Parsing the Platforms: Criminal Justice Planks for the Upcoming Election
By Jim Reynolds, Academic Program Chair for Online Criminal Justice
In the advent of the nationwide elections taking place soon I wanted to examine the platforms of the two major political parties relative to the criminal justice system. The key planks are:
- Provide Funding assistance and technical support for local law enforcement.
- Continue funding the Community Oriented Policing grants (COPS).
- Improve anti-recidivism programs.
- An emphasis on solving the disproportionate effects of crime, violence, incarceration on communities of color through legislation such as the Fair Sentencing Act.
- Ensure non-arbitrary standards on death penalty.
- Combat drug crime and substance abuse through programs like the Byrne Grants and drug courts.
- Work to improve victim rights. They should be respected, heard, and compensated.
- Commit to ending violence against women through legislation such as reauthorizing the bipartisan Violence Against Women Act.
- Supports mandatory sentencing for gang crimes, violent or sexual offenses against children, repeat drug dealers, rape, robbery, and murder.
- Supports a national registry for convicted child murderers.
- Supports retention of the death penalty.
- Supports mandatory prison for assaults involving serious injury to law enforcement officers.
- Block offenders from seeking civil remedies from victims and governments for injuries sustained in committing their crimes.
- Promote rehabilitation and work to reduce recidivism through state and local programs such as Accountability courts, Drug courts and diversion programs at the state/local level.
- Build Restorative Justice programs, using faith-based organizations.
- Combat prison violence. Encourage local support of children of prisoners.
- Support Victims’ rights through bi-partisan state action; ask Federal courts to be proactive in cases before them regarding victims’ rights.
- Combat over-criminalization and over-federalization of crimes. Federal criminal law should focus on acts by federal employees or acts committed on federal property – and leave the rest to the States. Restrict the power of federal agencies to define a criminal act or set criminal penalties, tasks reserved for Congress.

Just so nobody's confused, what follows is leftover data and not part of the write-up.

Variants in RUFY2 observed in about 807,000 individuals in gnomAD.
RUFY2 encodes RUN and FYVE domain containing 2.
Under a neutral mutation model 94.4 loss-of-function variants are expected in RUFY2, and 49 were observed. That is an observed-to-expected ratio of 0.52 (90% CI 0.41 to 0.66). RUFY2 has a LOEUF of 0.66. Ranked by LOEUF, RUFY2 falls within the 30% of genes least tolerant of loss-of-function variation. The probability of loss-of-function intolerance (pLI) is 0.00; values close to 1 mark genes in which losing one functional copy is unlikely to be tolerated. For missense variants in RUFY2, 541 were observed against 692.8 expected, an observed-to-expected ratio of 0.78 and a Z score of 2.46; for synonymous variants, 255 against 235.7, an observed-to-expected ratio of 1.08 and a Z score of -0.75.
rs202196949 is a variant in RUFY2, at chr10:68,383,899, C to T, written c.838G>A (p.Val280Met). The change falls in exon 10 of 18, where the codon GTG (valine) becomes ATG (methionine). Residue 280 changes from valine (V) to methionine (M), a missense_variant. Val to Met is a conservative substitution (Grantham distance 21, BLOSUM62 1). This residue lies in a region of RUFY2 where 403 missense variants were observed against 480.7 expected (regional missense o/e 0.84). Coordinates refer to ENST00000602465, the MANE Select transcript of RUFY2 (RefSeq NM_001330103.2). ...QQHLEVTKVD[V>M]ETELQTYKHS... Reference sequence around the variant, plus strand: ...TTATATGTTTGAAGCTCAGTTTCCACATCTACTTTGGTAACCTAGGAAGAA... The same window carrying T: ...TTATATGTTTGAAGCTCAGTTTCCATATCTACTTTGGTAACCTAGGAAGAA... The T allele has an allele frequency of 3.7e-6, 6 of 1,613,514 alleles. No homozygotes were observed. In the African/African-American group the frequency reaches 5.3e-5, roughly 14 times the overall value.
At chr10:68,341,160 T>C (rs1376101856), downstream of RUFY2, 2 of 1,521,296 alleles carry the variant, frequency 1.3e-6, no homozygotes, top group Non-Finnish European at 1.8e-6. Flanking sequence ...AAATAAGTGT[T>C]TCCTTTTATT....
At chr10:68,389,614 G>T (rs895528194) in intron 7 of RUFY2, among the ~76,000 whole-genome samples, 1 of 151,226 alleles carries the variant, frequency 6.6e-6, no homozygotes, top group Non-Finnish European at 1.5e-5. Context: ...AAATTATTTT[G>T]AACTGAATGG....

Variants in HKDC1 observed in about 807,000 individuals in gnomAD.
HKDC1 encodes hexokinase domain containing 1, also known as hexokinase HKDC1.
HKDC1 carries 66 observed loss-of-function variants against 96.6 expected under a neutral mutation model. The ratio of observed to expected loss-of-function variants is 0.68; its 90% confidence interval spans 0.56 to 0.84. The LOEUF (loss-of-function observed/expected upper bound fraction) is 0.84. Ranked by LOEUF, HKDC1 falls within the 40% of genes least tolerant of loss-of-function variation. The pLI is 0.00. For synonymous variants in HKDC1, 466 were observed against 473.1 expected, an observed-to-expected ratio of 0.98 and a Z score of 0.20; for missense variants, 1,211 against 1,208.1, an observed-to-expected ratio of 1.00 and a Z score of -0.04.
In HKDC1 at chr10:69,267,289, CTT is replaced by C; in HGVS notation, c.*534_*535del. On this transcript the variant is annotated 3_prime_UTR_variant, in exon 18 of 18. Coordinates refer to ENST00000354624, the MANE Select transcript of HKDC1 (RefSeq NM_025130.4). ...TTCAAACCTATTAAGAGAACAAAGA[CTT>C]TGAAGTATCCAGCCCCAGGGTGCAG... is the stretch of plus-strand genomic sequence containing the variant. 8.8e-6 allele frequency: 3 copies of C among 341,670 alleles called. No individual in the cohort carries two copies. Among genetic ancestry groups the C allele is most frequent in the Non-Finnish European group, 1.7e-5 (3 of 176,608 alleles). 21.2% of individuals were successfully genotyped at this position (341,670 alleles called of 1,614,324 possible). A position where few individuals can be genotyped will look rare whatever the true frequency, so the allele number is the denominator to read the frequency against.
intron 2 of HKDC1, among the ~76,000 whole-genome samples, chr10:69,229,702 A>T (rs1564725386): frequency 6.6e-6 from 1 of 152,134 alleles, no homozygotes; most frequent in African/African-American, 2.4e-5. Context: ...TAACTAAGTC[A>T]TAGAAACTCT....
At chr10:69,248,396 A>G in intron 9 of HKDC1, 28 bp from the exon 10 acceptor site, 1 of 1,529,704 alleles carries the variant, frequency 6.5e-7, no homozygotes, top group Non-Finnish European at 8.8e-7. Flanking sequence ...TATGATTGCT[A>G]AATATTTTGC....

As one might expect both have well-founded, legitimate concerns, and there is even some common ground; both parties express support for the death penalty, although the Democrats also seek to ensure its use is fair and objective. The big difference is that the two parties differ on defining support for criminal justice goals with federal tax dollars. The Democrats emphasize federal funding and action, while the Republicans focus on supporting the state and local governments.
How might a President and Congress interested in bi-partisan solutions approach criminal justice issues while satisfying elements of their key philosophies? One place to start is programming and legislation to support prevention, rehabilitation, and reduce recidivism. Accountability Courts for drug offenders, the mentally ill, DUI, veterans, and other specific offender populations have been found to be more cost effective and likely to reduce recidivism than traditional courts.
How do you argue with Restorative Justice Programs that seek compensation and closure for victims while encouraging offenders to face the results of their crimes rather than just serve some time? Both parties are committed to improving the lot of victims, and must certainly be able to find some common ground in that arena. These are some good places to start, and would mean job opportunities for students in criminal justice and forensic psychology.